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Racism and Randi Rhodes

By Richard Volaar  Posted by Richard Volaar (about the submitter)     Permalink
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I love to listen to Randi Rhodes on most days.  Today was not one of those days.

The issue under review was the appropriate subject matter, and approach, a pastor in a southside Chicago Christian church should entertain on Christmas.

With all due respect to Randi, she has no legitimate dog in this fight.  She demonstrated the pernicious effects of white racism this afternoon, adding fuel to a volcanic rage that may well explode in the near future.  Many of us Caucasians show our racism in these matters, but at no time did Randi offer up her bonafides in the area of what it is like growing up in a majority-black neighborhood during the 1960's.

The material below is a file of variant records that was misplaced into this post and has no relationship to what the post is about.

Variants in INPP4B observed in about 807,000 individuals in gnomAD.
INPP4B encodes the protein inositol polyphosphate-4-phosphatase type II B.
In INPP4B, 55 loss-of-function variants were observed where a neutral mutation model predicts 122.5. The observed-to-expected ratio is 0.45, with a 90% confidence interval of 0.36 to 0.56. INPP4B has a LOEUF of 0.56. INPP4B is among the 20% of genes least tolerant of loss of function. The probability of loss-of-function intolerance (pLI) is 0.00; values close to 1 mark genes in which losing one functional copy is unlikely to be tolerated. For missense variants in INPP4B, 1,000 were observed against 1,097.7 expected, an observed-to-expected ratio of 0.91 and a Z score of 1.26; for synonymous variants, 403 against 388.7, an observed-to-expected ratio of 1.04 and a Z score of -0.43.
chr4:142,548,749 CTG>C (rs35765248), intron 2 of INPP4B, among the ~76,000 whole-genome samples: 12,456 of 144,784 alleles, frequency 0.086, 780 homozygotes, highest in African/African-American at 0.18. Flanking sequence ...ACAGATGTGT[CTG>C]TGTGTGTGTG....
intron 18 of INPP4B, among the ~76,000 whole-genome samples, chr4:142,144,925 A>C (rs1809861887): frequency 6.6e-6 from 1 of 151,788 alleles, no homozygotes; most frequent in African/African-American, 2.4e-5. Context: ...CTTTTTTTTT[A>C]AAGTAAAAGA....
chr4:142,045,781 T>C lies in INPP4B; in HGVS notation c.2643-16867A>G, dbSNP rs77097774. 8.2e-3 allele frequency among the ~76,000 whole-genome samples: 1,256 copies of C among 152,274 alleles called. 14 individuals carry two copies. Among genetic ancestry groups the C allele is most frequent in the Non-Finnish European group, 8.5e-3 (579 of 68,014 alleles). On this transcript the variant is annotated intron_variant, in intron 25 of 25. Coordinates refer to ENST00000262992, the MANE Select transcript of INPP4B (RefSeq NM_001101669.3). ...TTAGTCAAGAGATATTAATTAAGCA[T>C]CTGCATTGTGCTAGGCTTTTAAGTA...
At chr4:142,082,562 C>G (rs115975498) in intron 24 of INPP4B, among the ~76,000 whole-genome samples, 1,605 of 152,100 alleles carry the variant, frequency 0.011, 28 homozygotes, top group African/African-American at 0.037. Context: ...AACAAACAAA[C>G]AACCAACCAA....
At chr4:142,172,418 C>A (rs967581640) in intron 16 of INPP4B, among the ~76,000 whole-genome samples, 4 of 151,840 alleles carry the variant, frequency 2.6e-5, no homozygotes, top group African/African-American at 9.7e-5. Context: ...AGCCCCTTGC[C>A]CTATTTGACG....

Had she lived in a majority black neighborhood as I did, she would have come to understand that the only people doing anything substantive about the 1960's assassinations were the black activists.  Malcolm X, Huey Newton, Eldridge Cleaver, Angela Davis, Bobby Seale, Martin Luther King, Jr., Bill Russell, Jim Brown, Muhammad Ali – to name a few – were on the front lines lending their considerable reputations and names, and in some cases their blood, to the cause of Civil Rights, to the cause of holding the white establishment accountable for offenses almost too numerous to reconcile.